Australasian microtektites: Impactor identification using Cr, Co and Ni ratios

1L. Folco, 2B.P. Glass, 1M. D’Orazio, 3P. Rochette,
Geochimica et Cosmochimica Acta (in Press) Link to Article [https://doi.org/10.1016/j.gca.2017.11.017]
1Dipartimento di Scienze della Terra, Università di Pisa, Via S. Maria 53, 56126 Pisa, Italy
2Department of Geosciences, University of Delaware 19716, USA
3CEREGE, Aix-Marseille Université CNRS, France
Copyright Elsevier

Impactor identification is one of the challenges of large-scale impact cratering studies due to the dilution of meteoritic material in impactites (typically < 1 wt%). The nature of the impactor that generated the Australasian tektite/microtektite strewn field, i.e., the largest Cenozoic strewn field (∼15% of the Earth’s surface), the youngest (∼0.78 Myr old) on Earth, and the only one without an associated impact crater so far, is an outstanding issue. We identify a chondritic impactor signature in 77 Australasian microtektites (size range: ∼200 to 700 µm) from within 3000 km from the hypothetical impact location in Indochina (∼17°N, 107°E) based on variations of Cr, Co and Ni interelement ratios in a Co/Ni vs Cr/Ni space (46 microtektites analyzed in this work by Laser Ablation-Inductively Coupled Plasma -Mass Spectrometry and 31 from literature by means of Instrumental Neutron Activation Analyses with Cr, Co and Ni concentrations up to ∼370, 50 and 680 µg/g, respectively). Despite substantial overlap in Cr/Ni versus Co/Ni composition for several meteorite types with chondritic composition (chondrites and primitive achondrites), regression calculation based on ∼85% of the studied microtektites best fit a mixing line between crustal compositions and an LL chondrite. However, due to some scatter mainly in the Cr versus Ni ratios in the considered dataset, an LL chondrite may not be the best fit to the data amongst impactors of primitive compositions. Eight high Ni/Cr and five low Ni/Cr outlier microtektites (∼15% in total) deviate from the above mixing trend, perhaps resulting from incomplete homogenization of heterogeneous impactor and target precursor materials at the microtektite scale, respectively.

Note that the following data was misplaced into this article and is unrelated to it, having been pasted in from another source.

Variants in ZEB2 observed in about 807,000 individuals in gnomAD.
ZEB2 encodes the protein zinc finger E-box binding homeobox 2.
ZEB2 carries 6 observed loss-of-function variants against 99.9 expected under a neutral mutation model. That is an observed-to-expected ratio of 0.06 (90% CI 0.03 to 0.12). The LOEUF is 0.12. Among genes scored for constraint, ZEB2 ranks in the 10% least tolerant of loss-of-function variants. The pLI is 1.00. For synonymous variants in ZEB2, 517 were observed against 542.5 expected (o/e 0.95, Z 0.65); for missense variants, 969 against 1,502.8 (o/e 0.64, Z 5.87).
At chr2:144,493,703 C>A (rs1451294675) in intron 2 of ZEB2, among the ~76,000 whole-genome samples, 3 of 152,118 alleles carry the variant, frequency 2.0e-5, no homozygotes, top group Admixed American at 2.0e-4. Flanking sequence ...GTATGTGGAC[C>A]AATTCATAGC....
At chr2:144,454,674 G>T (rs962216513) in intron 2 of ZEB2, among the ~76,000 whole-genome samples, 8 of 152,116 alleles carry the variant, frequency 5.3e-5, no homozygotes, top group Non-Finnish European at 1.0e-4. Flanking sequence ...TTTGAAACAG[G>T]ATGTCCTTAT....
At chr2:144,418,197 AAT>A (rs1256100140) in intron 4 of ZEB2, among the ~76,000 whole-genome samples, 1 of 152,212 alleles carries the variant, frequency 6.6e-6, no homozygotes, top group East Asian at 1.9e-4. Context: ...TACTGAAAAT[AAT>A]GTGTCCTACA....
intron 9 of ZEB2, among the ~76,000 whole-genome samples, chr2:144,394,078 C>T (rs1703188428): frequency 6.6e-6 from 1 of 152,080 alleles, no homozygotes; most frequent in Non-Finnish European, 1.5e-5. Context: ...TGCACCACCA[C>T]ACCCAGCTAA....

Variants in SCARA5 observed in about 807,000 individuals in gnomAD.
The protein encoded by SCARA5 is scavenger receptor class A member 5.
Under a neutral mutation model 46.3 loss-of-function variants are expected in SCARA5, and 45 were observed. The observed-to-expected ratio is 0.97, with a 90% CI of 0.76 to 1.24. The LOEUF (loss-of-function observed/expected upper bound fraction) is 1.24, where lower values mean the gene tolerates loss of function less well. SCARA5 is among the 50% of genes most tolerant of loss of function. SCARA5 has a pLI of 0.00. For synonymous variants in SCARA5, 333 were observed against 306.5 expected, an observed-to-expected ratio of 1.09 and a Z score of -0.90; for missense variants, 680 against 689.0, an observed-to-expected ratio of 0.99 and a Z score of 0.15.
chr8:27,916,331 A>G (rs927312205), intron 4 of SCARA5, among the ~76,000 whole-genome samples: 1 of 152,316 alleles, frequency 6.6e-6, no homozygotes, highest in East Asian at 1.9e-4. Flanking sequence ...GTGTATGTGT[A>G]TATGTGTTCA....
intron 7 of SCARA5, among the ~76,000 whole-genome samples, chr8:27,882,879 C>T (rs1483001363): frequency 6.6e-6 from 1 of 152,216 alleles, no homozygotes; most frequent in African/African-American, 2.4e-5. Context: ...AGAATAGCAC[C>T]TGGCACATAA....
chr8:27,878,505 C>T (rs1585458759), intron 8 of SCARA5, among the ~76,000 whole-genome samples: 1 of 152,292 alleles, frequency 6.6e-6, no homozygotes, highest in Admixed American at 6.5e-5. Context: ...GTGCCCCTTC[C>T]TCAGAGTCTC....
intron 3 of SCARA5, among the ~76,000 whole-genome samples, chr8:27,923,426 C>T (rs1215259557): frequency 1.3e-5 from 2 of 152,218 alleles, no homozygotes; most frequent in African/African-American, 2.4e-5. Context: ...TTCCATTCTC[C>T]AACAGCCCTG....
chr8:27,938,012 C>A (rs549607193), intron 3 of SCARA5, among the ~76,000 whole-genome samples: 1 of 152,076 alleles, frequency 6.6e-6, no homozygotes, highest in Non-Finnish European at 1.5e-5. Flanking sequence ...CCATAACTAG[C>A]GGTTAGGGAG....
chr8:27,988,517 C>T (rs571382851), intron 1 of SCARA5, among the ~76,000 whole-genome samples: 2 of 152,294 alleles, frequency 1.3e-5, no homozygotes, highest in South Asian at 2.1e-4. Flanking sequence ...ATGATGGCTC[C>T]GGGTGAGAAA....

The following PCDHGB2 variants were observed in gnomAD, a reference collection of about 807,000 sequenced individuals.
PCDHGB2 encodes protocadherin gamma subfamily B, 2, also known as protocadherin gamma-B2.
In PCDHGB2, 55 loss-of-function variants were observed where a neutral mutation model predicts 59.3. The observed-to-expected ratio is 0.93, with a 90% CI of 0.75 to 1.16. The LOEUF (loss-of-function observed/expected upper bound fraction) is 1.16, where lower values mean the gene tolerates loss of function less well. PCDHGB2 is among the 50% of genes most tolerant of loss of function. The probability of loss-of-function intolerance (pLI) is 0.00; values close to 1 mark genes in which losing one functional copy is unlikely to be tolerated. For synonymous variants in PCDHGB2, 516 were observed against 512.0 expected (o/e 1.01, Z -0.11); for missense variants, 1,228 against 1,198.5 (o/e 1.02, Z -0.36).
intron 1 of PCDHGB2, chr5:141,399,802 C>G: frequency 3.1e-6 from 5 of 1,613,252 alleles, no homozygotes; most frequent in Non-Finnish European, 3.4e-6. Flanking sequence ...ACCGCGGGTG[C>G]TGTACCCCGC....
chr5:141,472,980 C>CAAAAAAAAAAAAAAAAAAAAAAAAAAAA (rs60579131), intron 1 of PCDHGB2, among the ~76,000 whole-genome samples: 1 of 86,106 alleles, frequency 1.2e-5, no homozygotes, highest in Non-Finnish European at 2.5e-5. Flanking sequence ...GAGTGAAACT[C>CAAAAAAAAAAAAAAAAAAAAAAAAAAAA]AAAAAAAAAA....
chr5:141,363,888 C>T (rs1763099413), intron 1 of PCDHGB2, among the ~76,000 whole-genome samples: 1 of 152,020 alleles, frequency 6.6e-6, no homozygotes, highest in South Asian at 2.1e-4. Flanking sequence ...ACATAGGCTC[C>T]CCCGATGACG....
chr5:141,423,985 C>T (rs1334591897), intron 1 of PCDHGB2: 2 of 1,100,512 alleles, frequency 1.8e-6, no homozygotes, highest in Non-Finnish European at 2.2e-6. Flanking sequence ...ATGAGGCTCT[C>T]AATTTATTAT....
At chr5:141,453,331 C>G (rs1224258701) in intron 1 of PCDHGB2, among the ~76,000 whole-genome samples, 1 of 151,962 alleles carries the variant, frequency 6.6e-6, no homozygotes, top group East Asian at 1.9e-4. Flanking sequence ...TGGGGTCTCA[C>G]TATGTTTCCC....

Together with previous evidence from the ∼35 Myr old Popigai impact spherules and the ∼1 Myr old Ivory Coast microtektites, our finding suggests that at least three of the five known Cenozoic distal impact ejecta were generated by the impacts of large stony asteroids of chondritic composition, and possibly of ordinary chondritic composition. The impactor signature found in Australasian microtektites documents mixing of target and impactor melts upon impact cratering. This requires target-impactor mixing in both the two competing microtektite formation models in literature proposed for the Australasian: the impact cratering and low-altitude airburst plume models.

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